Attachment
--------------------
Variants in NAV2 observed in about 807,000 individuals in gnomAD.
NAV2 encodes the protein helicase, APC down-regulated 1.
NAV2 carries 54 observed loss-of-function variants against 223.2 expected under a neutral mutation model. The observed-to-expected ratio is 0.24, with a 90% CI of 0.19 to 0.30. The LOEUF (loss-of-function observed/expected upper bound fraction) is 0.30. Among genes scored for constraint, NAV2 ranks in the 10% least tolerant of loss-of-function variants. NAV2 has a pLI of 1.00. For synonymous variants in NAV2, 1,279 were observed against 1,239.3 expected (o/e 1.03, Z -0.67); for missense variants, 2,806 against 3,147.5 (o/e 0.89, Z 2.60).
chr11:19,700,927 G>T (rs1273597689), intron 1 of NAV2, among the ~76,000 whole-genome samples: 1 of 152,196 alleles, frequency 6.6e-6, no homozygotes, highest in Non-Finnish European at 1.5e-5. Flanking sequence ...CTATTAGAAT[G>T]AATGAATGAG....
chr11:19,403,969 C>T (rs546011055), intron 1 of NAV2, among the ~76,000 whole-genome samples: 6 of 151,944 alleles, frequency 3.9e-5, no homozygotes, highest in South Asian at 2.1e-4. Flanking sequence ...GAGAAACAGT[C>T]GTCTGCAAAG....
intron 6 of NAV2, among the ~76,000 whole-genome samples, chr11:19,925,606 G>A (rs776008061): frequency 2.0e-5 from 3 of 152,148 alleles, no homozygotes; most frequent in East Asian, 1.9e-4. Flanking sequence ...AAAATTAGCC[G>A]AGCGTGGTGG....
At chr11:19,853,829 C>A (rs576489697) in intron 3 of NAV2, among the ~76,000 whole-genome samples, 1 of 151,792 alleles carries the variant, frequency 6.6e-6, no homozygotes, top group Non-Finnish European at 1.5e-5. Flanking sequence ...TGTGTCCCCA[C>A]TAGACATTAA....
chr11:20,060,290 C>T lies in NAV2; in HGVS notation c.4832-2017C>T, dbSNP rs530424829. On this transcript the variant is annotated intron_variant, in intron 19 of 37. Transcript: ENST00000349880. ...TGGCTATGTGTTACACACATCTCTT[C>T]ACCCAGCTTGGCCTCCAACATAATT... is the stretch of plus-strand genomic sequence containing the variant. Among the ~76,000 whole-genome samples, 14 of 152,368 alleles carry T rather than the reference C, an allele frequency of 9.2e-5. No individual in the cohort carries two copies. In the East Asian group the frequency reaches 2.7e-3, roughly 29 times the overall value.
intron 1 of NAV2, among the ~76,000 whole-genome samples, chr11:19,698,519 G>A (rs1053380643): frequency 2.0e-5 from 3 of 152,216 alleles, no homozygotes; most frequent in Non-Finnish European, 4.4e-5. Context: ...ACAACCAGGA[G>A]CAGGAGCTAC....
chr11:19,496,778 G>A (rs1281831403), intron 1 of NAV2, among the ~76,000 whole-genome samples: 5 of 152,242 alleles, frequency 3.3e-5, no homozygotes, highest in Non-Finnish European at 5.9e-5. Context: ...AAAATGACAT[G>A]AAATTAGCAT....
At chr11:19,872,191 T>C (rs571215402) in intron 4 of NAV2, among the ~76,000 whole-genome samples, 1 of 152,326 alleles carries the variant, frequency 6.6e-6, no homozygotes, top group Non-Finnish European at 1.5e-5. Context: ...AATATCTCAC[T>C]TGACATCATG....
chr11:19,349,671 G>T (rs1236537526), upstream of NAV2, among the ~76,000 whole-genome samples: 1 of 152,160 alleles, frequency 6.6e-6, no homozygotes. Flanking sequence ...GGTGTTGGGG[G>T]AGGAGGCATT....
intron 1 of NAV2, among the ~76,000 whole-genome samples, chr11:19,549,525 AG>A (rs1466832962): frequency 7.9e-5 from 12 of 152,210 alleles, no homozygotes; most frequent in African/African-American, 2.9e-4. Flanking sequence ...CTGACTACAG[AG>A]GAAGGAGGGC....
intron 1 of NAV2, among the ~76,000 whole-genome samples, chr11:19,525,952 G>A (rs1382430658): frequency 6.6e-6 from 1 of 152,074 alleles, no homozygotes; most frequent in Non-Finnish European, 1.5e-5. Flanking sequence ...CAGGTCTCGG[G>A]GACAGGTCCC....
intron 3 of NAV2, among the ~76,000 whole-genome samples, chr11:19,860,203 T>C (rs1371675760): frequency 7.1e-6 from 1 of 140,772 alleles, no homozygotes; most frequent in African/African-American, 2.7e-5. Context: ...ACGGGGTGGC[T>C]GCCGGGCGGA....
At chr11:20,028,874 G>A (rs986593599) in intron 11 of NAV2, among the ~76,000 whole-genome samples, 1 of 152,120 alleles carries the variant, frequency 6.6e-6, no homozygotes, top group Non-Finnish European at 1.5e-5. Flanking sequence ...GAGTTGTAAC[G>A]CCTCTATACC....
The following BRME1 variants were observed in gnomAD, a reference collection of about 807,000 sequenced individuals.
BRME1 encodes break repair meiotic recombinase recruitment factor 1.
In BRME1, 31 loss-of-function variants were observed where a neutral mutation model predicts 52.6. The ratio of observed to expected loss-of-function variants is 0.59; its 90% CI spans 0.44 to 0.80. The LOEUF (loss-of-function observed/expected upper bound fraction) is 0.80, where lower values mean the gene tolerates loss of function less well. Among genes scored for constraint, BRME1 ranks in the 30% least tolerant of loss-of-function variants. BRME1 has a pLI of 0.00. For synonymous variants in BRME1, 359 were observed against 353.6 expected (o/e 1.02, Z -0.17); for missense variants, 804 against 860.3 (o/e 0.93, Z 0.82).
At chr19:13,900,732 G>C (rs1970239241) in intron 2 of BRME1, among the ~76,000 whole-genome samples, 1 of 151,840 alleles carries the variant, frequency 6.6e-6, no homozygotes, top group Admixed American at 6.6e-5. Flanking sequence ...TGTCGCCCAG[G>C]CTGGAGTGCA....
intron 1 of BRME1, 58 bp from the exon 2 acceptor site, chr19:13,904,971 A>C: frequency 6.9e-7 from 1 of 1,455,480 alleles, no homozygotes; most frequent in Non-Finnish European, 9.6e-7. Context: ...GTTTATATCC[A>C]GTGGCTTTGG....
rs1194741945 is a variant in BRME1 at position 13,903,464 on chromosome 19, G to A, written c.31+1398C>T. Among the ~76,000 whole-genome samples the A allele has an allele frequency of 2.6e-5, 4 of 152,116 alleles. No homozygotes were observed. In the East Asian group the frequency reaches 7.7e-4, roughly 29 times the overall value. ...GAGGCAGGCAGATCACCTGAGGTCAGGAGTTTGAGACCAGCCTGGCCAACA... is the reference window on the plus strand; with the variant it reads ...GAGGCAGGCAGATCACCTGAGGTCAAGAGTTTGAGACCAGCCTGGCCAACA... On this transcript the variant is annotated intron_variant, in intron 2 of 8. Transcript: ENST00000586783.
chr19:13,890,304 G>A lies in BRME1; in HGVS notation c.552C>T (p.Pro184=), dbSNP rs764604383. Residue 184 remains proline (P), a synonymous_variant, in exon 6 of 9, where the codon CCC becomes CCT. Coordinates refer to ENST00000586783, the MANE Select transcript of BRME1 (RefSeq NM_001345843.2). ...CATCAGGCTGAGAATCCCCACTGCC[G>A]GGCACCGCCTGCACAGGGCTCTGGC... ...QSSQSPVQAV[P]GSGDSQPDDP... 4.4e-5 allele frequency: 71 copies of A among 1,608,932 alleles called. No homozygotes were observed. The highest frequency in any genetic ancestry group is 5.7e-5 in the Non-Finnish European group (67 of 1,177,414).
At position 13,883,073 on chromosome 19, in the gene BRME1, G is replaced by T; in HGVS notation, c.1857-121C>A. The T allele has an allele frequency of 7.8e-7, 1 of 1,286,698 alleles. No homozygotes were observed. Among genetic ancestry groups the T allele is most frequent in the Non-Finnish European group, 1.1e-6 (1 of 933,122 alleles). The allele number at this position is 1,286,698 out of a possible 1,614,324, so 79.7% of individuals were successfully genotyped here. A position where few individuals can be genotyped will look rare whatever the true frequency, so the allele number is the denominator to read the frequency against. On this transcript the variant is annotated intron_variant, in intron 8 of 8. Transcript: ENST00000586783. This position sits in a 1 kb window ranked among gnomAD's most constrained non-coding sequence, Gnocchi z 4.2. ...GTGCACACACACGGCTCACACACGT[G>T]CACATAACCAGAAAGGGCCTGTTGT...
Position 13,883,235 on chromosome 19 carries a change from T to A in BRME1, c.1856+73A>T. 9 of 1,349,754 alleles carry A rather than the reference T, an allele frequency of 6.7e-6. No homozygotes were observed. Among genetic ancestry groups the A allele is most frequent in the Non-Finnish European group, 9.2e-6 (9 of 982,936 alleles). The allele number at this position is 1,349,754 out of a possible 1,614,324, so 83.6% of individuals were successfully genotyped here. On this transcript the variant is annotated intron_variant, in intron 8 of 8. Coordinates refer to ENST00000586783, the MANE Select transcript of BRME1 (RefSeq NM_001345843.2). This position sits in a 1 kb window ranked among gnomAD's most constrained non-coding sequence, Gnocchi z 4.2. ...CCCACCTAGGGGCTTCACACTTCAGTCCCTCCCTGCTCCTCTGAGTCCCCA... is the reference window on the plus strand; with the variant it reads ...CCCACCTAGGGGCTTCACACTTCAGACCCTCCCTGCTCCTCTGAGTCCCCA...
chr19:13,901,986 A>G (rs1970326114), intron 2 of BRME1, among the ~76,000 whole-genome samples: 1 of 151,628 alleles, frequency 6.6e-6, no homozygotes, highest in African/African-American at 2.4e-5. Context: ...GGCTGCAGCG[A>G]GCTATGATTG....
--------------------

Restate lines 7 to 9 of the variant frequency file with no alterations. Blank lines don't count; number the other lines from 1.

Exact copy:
At chr11:19,853,829 C>A (rs576489697) in intron 3 of NAV2, among the ~76,000 whole-genome samples, 1 of 151,792 alleles carries the variant, frequency 6.6e-6, no homozygotes, top group Non-Finnish European at 1.5e-5. Flanking sequence ...TGTGTCCCCA[C>A]TAGACATTAA....
chr11:20,060,290 C>T lies in NAV2; in HGVS notation c.4832-2017C>T, dbSNP rs530424829. On this transcript the variant is annotated intron_variant, in intron 19 of 37. Transcript: ENST00000349880. ...TGGCTATGTGTTACACACATCTCTT[C>T]ACCCAGCTTGGCCTCCAACATAATT... is the stretch of plus-strand genomic sequence containing the variant. Among the ~76,000 whole-genome samples, 14 of 152,368 alleles carry T rather than the reference C, an allele frequency of 9.2e-5. No individual in the cohort carries two copies. In the East Asian group the frequency reaches 2.7e-3, roughly 29 times the overall value.
intron 1 of NAV2, among the ~76,000 whole-genome samples, chr11:19,698,519 G>A (rs1053380643): frequency 2.0e-5 from 3 of 152,216 alleles, no homozygotes; most frequent in Non-Finnish European, 4.4e-5. Context: ...ACAACCAGGA[G>A]CAGGAGCTAC....